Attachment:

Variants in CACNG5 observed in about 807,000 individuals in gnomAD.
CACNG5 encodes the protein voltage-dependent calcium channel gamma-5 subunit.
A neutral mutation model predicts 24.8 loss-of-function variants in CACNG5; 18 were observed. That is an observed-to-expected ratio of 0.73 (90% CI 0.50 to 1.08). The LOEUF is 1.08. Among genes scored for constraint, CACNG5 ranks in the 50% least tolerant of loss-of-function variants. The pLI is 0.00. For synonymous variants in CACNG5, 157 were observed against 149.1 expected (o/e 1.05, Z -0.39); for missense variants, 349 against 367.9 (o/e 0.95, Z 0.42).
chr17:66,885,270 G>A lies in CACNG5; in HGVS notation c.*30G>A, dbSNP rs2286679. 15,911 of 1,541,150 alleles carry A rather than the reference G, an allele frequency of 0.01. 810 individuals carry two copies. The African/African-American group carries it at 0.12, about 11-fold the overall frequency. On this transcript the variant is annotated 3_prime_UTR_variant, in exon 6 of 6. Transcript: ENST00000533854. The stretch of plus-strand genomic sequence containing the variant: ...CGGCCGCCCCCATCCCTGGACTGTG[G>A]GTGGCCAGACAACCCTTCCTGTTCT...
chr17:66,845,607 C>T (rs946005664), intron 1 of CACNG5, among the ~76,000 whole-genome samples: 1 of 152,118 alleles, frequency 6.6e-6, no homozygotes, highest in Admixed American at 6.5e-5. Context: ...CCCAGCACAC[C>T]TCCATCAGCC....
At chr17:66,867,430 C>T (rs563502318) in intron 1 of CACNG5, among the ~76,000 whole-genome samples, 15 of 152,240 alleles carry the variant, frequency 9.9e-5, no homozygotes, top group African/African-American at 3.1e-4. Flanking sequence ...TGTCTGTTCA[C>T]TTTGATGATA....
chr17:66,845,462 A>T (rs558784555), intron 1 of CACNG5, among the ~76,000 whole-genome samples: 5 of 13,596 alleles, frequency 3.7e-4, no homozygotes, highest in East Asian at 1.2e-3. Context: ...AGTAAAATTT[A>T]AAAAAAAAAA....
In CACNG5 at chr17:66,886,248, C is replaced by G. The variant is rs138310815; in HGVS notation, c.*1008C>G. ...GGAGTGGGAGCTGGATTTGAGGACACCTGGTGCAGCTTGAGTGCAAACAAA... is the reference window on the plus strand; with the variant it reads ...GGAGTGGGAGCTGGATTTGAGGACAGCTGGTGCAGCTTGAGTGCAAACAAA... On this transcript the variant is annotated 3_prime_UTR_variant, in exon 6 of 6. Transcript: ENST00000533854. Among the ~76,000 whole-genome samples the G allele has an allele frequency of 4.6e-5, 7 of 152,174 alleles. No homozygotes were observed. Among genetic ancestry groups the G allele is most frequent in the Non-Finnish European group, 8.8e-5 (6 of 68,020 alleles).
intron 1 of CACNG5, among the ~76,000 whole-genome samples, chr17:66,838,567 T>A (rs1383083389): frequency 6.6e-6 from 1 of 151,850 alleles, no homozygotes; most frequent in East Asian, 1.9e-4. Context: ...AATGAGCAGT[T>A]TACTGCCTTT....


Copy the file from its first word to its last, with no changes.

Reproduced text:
Variants in CACNG5 observed in about 807,000 individuals in gnomAD.
CACNG5 encodes the protein voltage-dependent calcium channel gamma-5 subunit.
A neutral mutation model predicts 24.8 loss-of-function variants in CACNG5; 18 were observed. That is an observed-to-expected ratio of 0.73 (90% CI 0.50 to 1.08). The LOEUF is 1.08. Among genes scored for constraint, CACNG5 ranks in the 50% least tolerant of loss-of-function variants. The pLI is 0.00. For synonymous variants in CACNG5, 157 were observed against 149.1 expected (o/e 1.05, Z -0.39); for missense variants, 349 against 367.9 (o/e 0.95, Z 0.42).
chr17:66,885,270 G>A lies in CACNG5; in HGVS notation c.*30G>A, dbSNP rs2286679. 15,911 of 1,541,150 alleles carry A rather than the reference G, an allele frequency of 0.01. 810 individuals carry two copies. The African/African-American group carries it at 0.12, about 11-fold the overall frequency. On this transcript the variant is annotated 3_prime_UTR_variant, in exon 6 of 6. Transcript: ENST00000533854. The stretch of plus-strand genomic sequence containing the variant: ...CGGCCGCCCCCATCCCTGGACTGTG[G>A]GTGGCCAGACAACCCTTCCTGTTCT...
chr17:66,845,607 C>T (rs946005664), intron 1 of CACNG5, among the ~76,000 whole-genome samples: 1 of 152,118 alleles, frequency 6.6e-6, no homozygotes, highest in Admixed American at 6.5e-5. Context: ...CCCAGCACAC[C>T]TCCATCAGCC....
At chr17:66,867,430 C>T (rs563502318) in intron 1 of CACNG5, among the ~76,000 whole-genome samples, 15 of 152,240 alleles carry the variant, frequency 9.9e-5, no homozygotes, top group African/African-American at 3.1e-4. Flanking sequence ...TGTCTGTTCA[C>T]TTTGATGATA....
chr17:66,845,462 A>T (rs558784555), intron 1 of CACNG5, among the ~76,000 whole-genome samples: 5 of 13,596 alleles, frequency 3.7e-4, no homozygotes, highest in East Asian at 1.2e-3. Context: ...AGTAAAATTT[A>T]AAAAAAAAAA....
In CACNG5 at chr17:66,886,248, C is replaced by G. The variant is rs138310815; in HGVS notation, c.*1008C>G. ...GGAGTGGGAGCTGGATTTGAGGACACCTGGTGCAGCTTGAGTGCAAACAAA... is the reference window on the plus strand; with the variant it reads ...GGAGTGGGAGCTGGATTTGAGGACAGCTGGTGCAGCTTGAGTGCAAACAAA... On this transcript the variant is annotated 3_prime_UTR_variant, in exon 6 of 6. Transcript: ENST00000533854. Among the ~76,000 whole-genome samples the G allele has an allele frequency of 4.6e-5, 7 of 152,174 alleles. No homozygotes were observed. Among genetic ancestry groups the G allele is most frequent in the Non-Finnish European group, 8.8e-5 (6 of 68,020 alleles).
intron 1 of CACNG5, among the ~76,000 whole-genome samples, chr17:66,838,567 T>A (rs1383083389): frequency 6.6e-6 from 1 of 151,850 alleles, no homozygotes; most frequent in East Asian, 1.9e-4. Context: ...AATGAGCAGT[T>A]TACTGCCTTT....